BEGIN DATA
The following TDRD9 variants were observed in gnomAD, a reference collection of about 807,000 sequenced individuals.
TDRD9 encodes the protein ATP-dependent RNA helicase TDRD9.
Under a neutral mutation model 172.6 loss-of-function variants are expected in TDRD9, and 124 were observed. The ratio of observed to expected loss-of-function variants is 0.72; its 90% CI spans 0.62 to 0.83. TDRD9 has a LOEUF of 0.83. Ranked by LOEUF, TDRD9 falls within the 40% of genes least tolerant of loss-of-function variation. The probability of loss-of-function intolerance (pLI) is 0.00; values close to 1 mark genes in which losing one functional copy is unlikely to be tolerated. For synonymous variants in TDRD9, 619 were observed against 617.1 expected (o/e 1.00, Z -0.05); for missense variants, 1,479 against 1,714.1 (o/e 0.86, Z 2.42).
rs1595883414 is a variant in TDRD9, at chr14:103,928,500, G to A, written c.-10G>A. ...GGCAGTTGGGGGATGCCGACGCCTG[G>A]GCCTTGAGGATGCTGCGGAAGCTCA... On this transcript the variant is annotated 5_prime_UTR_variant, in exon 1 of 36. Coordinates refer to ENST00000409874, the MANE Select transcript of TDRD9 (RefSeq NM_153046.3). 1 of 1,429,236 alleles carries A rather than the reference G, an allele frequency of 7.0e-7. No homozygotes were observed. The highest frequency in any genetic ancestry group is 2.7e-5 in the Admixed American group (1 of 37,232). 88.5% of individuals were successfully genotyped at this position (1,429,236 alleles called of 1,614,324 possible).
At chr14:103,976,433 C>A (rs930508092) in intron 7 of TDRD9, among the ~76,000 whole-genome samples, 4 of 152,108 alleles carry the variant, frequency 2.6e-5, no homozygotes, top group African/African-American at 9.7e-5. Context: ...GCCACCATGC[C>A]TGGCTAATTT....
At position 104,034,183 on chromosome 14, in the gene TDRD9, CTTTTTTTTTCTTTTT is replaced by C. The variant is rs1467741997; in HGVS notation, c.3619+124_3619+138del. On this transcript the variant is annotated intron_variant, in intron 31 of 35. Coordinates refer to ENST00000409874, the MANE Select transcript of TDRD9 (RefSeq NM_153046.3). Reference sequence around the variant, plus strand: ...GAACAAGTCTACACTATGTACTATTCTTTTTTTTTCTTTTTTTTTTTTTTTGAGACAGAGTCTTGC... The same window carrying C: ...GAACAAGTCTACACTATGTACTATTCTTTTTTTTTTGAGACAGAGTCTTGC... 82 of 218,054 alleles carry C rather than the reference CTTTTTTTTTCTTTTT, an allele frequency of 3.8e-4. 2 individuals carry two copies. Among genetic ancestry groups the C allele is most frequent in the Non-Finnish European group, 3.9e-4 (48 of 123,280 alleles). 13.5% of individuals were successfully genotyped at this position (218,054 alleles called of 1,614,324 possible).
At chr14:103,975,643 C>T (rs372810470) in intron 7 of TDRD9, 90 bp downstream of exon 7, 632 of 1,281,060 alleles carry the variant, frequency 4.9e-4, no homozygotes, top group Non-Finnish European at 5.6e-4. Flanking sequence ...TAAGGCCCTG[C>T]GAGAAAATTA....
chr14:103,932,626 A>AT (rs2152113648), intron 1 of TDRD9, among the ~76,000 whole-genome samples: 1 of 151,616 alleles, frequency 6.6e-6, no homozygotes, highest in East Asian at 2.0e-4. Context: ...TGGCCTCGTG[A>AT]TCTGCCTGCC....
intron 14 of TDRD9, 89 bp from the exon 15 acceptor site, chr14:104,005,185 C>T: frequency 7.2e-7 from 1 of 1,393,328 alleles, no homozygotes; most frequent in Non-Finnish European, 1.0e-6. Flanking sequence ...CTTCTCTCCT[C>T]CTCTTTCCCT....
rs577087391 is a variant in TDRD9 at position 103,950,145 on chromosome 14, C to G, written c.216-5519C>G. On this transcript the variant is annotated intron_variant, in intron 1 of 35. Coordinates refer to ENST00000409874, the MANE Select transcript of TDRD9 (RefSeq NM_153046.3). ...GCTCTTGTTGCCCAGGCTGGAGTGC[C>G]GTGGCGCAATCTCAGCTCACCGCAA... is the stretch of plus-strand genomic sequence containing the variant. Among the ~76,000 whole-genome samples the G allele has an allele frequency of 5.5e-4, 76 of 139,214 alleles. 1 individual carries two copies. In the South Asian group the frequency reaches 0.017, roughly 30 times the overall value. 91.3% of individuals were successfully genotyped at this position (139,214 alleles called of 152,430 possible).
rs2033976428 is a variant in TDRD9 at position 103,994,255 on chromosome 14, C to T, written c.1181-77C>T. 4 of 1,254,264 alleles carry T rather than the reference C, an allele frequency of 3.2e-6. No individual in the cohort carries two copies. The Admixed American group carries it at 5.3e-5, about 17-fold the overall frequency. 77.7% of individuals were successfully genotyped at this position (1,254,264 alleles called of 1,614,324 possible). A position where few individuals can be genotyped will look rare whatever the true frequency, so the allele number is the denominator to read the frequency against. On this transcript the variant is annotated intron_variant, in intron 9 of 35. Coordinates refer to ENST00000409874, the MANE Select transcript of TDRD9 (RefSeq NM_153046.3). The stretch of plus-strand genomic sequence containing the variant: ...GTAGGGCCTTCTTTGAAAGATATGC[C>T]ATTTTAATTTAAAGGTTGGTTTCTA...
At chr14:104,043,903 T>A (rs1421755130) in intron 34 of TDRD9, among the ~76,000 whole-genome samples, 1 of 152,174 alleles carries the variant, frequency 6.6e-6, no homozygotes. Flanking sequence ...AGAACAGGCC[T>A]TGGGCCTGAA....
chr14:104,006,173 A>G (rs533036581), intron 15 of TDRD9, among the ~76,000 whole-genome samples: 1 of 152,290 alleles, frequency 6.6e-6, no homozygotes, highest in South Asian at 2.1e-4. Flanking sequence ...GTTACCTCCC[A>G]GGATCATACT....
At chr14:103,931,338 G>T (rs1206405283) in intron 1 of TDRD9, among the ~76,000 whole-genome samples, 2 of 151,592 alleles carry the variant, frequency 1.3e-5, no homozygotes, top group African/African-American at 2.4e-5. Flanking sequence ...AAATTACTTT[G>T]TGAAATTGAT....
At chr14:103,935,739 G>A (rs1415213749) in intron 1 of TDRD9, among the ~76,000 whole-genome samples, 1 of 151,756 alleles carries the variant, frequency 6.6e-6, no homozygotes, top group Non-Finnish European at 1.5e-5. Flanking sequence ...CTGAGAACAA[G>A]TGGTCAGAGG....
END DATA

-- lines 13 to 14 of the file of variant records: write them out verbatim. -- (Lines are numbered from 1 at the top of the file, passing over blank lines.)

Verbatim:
chr14:104,006,173 A>G (rs533036581), intron 15 of TDRD9, among the ~76,000 whole-genome samples: 1 of 152,290 alleles, frequency 6.6e-6, no homozygotes, highest in South Asian at 2.1e-4. Flanking sequence ...GTTACCTCCC[A>G]GGATCATACT....
At chr14:103,931,338 G>T (rs1206405283) in intron 1 of TDRD9, among the ~76,000 whole-genome samples, 2 of 151,592 alleles carry the variant, frequency 1.3e-5, no homozygotes, top group African/African-American at 2.4e-5. Flanking sequence ...AAATTACTTT[G>T]TGAAATTGAT....